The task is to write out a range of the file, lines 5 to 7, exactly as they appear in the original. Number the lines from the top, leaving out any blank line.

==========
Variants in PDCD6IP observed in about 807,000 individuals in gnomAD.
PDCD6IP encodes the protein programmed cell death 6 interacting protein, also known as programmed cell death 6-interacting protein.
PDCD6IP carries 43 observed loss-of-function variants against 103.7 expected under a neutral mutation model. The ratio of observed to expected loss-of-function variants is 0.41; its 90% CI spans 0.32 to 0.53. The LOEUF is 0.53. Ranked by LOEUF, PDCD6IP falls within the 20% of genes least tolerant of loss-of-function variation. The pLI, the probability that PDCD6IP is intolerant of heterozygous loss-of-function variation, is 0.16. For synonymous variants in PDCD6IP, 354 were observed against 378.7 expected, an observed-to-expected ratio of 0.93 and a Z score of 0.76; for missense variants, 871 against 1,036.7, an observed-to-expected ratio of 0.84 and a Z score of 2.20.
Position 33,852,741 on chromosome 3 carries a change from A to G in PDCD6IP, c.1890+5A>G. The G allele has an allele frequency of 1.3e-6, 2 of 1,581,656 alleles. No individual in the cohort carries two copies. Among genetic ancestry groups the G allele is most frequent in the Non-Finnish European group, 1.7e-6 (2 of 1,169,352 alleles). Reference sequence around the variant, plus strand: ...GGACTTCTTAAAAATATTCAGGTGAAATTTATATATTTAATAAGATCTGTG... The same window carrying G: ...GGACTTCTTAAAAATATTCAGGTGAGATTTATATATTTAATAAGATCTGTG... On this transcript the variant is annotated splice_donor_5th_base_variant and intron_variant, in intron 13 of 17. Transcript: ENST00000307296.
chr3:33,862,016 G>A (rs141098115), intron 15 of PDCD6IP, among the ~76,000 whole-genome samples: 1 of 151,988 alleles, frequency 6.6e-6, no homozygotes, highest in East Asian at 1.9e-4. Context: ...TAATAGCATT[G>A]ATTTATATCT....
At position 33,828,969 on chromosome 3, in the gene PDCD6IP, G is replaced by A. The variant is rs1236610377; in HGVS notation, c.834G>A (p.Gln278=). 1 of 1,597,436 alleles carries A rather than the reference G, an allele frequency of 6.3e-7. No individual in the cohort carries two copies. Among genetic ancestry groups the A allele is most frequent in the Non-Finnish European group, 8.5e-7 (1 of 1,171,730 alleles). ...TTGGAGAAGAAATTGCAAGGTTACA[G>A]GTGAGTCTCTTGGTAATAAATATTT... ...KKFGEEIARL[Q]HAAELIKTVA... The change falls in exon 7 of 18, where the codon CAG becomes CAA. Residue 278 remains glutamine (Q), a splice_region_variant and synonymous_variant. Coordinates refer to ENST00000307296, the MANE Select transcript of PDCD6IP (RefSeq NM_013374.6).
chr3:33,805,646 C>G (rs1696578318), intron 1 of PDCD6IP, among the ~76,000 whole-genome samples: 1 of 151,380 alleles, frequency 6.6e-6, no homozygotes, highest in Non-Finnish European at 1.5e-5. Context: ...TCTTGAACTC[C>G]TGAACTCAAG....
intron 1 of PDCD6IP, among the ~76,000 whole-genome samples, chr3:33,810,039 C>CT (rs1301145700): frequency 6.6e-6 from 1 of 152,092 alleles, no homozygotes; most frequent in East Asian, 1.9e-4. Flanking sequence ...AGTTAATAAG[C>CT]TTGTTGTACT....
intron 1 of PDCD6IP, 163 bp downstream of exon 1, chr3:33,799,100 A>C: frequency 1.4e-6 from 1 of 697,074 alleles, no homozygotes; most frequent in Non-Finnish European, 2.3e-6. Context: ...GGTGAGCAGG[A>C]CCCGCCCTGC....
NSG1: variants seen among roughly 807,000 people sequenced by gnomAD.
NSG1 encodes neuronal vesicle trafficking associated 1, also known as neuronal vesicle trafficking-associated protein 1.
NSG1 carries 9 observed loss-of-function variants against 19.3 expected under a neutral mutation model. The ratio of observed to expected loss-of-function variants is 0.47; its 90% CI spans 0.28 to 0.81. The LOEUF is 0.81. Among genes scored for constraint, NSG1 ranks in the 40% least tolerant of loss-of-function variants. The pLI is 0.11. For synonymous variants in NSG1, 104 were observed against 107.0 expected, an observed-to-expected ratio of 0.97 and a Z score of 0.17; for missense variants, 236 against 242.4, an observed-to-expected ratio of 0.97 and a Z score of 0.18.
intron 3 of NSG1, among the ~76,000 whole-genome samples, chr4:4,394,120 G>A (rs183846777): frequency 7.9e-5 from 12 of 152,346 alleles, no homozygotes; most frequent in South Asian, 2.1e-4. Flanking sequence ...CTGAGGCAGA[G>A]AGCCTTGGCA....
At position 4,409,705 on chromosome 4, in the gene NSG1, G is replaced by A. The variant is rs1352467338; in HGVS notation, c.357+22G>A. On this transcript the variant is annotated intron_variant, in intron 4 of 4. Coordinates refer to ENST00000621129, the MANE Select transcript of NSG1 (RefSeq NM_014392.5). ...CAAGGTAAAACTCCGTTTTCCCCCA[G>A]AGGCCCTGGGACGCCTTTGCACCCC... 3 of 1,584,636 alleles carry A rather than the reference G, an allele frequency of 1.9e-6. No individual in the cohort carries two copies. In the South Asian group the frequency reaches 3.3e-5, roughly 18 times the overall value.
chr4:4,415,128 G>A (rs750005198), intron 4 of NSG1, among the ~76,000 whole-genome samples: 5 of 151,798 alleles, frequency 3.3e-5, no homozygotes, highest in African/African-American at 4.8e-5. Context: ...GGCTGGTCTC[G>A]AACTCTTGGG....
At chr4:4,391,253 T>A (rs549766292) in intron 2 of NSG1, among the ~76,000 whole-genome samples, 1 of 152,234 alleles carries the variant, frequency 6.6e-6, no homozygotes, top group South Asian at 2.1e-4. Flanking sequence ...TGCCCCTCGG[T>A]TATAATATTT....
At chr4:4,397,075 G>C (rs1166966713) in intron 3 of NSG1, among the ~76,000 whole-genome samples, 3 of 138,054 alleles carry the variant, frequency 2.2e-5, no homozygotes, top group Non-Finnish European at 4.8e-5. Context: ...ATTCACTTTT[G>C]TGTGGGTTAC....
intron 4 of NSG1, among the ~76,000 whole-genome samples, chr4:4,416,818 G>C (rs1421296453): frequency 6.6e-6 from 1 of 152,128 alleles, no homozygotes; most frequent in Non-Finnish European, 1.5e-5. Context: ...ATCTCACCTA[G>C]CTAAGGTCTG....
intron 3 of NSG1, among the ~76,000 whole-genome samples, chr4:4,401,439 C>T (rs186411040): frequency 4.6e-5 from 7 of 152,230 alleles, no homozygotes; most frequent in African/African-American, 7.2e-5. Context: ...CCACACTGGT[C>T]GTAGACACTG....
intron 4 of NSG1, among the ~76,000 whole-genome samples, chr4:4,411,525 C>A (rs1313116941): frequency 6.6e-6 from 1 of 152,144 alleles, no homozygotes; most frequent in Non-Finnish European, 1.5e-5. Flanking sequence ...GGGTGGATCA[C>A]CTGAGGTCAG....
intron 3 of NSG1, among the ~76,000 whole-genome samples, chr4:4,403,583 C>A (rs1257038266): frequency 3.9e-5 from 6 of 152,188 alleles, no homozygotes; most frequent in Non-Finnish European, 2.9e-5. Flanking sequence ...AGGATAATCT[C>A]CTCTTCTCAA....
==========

chr3:33,862,016 G>A (rs141098115), intron 15 of PDCD6IP, among the ~76,000 whole-genome samples: 1 of 151,988 alleles, frequency 6.6e-6, no homozygotes, highest in East Asian at 1.9e-4. Context: ...TAATAGCATT[G>A]ATTTATATCT....
At position 33,828,969 on chromosome 3, in the gene PDCD6IP, G is replaced by A. The variant is rs1236610377; in HGVS notation, c.834G>A (p.Gln278=). 1 of 1,597,436 alleles carries A rather than the reference G, an allele frequency of 6.3e-7. No individual in the cohort carries two copies. Among genetic ancestry groups the A allele is most frequent in the Non-Finnish European group, 8.5e-7 (1 of 1,171,730 alleles). ...TTGGAGAAGAAATTGCAAGGTTACA[G>A]GTGAGTCTCTTGGTAATAAATATTT... ...KKFGEEIARL[Q]HAAELIKTVA... The change falls in exon 7 of 18, where the codon CAG becomes CAA. Residue 278 remains glutamine (Q), a splice_region_variant and synonymous_variant. Coordinates refer to ENST00000307296, the MANE Select transcript of PDCD6IP (RefSeq NM_013374.6).
chr3:33,805,646 C>G (rs1696578318), intron 1 of PDCD6IP, among the ~76,000 whole-genome samples: 1 of 151,380 alleles, frequency 6.6e-6, no homozygotes, highest in Non-Finnish European at 1.5e-5. Context: ...TCTTGAACTC[C>G]TGAACTCAAG....